The State can absolutely prohibit these or regulate them through licensing.
Protection in Respect of Conviction for an Offence [Article 20]
This Constitutional provision assures protection against arbitrary arrest and excessive punishment to any person who is alleged to have committed an offense.
No person shall be punished except for the violation of law which is in force when the crime was committed.
An accused cannot be compelled to be a witness against himself/herself.
No person shall be punished for the same offense more than once.
Protection of Life and Personal Liberty [Article 21]
The Constitution lays down that no person shall be deprived of his/her life or personal liberty except according to the procedure established by law.
It guarantees that life or personal liberty shall not be taken away without the sanction of law.
It ensures that no person can be punished or imprisoned merely at the whims of some authority.
He/she may be punished only for the violation of the law.
Right to Education [Article 21 A]
By the 86th Amendment Act of the Constitution, a new article 21-A has been added after Article 21.
By this Amendment Act, Right to Education has been made a Fundamental Right and has been deleted from the list of Directive Principles of State Policy.
According to it, “The State shall provide free and compulsory education to all children of the age of six to fourteen in such a manner as the State may by law determine”.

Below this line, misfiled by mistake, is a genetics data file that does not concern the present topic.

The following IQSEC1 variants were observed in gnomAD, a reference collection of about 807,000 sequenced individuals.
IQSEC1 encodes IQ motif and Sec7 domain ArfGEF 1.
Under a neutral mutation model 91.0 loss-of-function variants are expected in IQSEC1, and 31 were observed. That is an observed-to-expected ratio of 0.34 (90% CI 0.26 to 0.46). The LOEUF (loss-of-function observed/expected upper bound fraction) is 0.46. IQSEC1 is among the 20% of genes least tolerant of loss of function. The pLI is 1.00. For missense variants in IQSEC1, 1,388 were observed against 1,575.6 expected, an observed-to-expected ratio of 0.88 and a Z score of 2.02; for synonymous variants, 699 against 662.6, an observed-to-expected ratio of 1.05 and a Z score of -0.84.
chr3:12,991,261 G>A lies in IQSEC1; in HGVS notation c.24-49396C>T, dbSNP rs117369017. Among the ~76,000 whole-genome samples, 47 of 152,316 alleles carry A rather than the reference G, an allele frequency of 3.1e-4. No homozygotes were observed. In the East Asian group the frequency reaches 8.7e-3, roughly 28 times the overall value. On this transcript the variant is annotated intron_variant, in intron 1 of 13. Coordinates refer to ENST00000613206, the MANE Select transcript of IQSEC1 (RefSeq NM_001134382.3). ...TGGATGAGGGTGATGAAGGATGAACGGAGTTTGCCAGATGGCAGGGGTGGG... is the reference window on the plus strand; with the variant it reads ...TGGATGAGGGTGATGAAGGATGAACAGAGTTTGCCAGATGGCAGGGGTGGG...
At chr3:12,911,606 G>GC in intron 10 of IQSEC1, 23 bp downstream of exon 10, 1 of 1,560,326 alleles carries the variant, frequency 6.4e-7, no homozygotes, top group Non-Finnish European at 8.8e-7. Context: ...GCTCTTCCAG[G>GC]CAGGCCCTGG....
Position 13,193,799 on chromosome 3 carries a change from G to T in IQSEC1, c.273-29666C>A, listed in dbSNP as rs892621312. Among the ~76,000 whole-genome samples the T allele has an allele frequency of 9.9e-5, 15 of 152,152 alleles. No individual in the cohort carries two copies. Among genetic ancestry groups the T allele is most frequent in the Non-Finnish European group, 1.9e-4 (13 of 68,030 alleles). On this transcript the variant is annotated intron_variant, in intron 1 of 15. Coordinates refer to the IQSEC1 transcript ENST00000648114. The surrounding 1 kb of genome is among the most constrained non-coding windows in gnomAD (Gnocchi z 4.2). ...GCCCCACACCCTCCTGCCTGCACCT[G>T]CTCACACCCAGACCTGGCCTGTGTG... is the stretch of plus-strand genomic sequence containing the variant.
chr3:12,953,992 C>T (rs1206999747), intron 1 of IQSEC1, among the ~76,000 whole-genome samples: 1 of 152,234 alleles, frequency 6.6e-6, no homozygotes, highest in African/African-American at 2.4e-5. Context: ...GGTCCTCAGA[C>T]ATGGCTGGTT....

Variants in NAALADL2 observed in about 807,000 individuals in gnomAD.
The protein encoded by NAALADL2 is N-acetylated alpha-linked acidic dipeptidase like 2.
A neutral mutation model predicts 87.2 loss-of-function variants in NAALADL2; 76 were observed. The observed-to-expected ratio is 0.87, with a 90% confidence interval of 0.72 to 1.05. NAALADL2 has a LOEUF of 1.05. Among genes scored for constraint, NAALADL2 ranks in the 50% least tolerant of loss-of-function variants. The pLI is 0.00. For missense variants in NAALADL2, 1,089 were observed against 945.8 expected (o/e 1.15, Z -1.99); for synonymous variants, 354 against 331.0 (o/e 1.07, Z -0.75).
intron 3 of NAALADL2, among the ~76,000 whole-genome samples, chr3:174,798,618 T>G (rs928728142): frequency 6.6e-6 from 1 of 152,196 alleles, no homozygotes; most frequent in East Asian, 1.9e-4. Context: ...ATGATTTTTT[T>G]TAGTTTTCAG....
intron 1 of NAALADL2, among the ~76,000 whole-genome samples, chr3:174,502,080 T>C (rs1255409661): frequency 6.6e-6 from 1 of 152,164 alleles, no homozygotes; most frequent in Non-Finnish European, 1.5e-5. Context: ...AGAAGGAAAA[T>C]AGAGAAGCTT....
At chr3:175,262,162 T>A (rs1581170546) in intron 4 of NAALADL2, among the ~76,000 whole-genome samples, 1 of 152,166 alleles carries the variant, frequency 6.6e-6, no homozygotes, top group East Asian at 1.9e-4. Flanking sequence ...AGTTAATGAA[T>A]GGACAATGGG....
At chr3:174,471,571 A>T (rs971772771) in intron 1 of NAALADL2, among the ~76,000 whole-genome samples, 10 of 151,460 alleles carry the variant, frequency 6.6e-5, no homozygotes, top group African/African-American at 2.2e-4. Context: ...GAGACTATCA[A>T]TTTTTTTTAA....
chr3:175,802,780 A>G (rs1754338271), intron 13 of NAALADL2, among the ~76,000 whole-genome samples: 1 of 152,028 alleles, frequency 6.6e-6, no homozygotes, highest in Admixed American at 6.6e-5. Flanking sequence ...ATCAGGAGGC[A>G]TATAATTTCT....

It further states that it is the responsibility of the parent or guardian to provide opportunities for education to their child or ward between the age of six to fourteen years.
Prevention against Arbitrary Arrest and Detention [Article 22]
Our Constitution guarantees certain rights to the arrested person.
As per the provision, no person can be arrested and/or be detained in custody without being informed of the grounds for detention.
He /she has the right to consult and be defended by a lawyer of his/her choice.
The accused has to be produced before the nearest magistrate within a period of twenty-four hours of arrest.
These safeguards, however, are not available to foreigners as well as to those citizens detained under the Preventive Detention Act.
When the State feels that a person is likely to commit a crime or is a threat to the security of the State, he/she may be detained without trial for a limited period.
However, no person can be kept under detention for more than three months until permitted by an Advisory Board consisting of persons who are qualified to be appointed as judges of the High Courts.
Such a board is presided over by a sitting judge of a High Court.